Rising Incomes in China Means More US Goods Exports - Global Trade Magazine
  February 5th, 2018 | Written by

Rising Incomes in China Means More US Goods Exports

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  • US goods exports to China are on the rise and are likely to continue to grow.
  • Between 2011 to 2016, exports of cell phones and other household goods to China climbed 161 percent.
  • From 2007 to 2016, US pharmaceuticals exports to China increased 438 percent.
  • China’s GDP per capita doubled between 2010 and 2016.

Despite rising tensions between the United States and China on the trade front, the data show that US goods exports to China are on the rise and that they are likely to grow in the coming years.

For example, from 2011 to 2016, exports of cell phones and other household goods to China climbed 161 percent from $930 million to $2.4 billion, according to a recent report from the US-China Economic Security Commission. From 2011 to 2016, US cell phone exports to China expanded from $484 million to $1.6 billion.

From 2007 to 2016, US pharmaceuticals exports to China have increased from $402 million in 2007 to $2.2 billion in 2016, or 438 percent. China still accounts for a relatively small amount of US pharmaceuticals sales, suggesting there is still room to grow.

Behind these increases in exports lies a spike in China’s GDP per capita, from $4,560 to $8,123 between 2010 and 2016, according to the World Bank. “This increase in income has led analysts to predict growth in the size of China’s middle class, possibly facilitating more US consumer goods sales to China,” said the report.

According to the Economist Intelligence Unit, 10 percent of China’s population earned more than $10,000 per year in 2015. By 2030, 35 percent of China’s population will be in that high or upper middle class category.

In other developments conducive to US exports, the Chinese government enacted a series of tariff cuts on December 1, 2017, on 154 types of consumer goods. “Many products constituting top US consumer goods exports to China received tariff cuts, particularly pharmaceutical preparations and cosmetics,” the report noted. Beauty product tariffs fell from 8.3 percent to 3.5 percent following the cut, tariffs on antibiotics fell from six percent to two percent, and tariffs on other pharmaceuticals dropped from five percent to two percent.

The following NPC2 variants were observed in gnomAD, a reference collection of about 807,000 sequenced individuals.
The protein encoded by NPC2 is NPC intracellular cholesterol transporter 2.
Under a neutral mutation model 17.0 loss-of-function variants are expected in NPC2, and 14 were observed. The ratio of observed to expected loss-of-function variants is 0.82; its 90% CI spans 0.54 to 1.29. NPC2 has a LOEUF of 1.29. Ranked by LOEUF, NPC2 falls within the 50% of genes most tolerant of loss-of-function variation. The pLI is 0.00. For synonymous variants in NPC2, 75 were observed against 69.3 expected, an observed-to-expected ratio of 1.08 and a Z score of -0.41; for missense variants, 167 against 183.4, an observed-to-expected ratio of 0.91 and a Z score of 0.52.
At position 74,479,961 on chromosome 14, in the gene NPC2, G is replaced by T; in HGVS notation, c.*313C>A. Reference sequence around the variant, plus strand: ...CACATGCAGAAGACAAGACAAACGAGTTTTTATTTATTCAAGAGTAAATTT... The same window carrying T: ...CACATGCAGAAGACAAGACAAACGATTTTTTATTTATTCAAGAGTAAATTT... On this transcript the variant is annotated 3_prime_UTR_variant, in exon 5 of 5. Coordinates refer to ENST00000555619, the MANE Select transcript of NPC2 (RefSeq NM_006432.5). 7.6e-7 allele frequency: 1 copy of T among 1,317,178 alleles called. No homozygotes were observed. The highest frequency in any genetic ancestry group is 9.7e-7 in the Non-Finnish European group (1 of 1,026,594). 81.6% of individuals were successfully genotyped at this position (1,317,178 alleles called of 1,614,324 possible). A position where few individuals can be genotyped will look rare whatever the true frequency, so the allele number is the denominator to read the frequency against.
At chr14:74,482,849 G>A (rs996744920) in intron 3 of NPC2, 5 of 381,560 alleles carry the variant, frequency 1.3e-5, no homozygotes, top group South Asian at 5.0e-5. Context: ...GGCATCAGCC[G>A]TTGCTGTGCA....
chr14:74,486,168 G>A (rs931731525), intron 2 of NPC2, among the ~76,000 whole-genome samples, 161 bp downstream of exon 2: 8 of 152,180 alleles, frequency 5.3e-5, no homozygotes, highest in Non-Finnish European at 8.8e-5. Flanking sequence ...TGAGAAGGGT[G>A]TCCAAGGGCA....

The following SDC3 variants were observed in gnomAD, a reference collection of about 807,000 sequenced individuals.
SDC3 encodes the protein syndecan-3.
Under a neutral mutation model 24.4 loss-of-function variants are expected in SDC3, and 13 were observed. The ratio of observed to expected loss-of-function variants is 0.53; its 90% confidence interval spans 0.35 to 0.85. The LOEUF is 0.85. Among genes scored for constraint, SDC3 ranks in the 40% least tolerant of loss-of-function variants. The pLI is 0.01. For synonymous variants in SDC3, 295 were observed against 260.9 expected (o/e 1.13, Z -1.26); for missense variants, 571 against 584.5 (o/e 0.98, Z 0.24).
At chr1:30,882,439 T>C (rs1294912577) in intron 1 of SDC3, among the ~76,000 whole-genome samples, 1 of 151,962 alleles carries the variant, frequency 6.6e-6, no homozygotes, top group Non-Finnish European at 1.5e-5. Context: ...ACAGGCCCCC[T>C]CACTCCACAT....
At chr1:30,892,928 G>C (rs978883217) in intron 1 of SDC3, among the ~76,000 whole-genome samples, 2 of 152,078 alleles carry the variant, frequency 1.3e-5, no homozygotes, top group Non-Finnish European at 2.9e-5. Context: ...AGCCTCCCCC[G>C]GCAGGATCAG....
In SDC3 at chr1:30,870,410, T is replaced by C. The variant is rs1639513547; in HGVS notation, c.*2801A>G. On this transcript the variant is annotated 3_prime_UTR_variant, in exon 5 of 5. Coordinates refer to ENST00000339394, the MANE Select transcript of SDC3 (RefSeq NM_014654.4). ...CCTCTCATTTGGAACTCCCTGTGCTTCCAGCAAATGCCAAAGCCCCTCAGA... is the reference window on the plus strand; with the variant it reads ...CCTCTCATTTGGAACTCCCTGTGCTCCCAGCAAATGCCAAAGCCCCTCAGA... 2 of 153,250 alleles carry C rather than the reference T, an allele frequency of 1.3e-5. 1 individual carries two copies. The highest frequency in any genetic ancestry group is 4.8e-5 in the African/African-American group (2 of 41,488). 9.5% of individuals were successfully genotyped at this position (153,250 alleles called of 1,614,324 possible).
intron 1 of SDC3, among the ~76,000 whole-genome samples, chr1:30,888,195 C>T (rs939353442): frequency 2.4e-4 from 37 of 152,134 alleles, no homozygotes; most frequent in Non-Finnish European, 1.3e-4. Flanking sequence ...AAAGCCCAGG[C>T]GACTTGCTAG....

Pharmaceuticals present many market opportunities in China. China’s population is aging, with an estimated 170 million people over the age of 65 by 2020. At least 110 million Chinese are diabetic, and in 2015 China accounted for 20 percent of worldwide new cancer cases (4.3 million).

Toiletries and cosmetics are also a growing market in China. From 2007 to 2016, US exports of cosmetics and toiletries increased 181 percent from $130 million to $366 million. These Chinese appear to prefer imports of these types of products. Nine of the top ten personal care companies in China were foreign companies in 2016. The top three were Procter and Gamble (headquartered in the United States), L’Oreal (France), and Shiseido (Japan).

China’s spending on cosmetics and toiletries is expected to be on the rise. Per capita spending on these products in 2014 was $24, much lower than in other regional countries such as South Korea and Japan, with spending of $223 and $174 per person per year, respectively. China’s market is expected to become the world’s largest for cosmetics and toiletries between 2021 and 2026.


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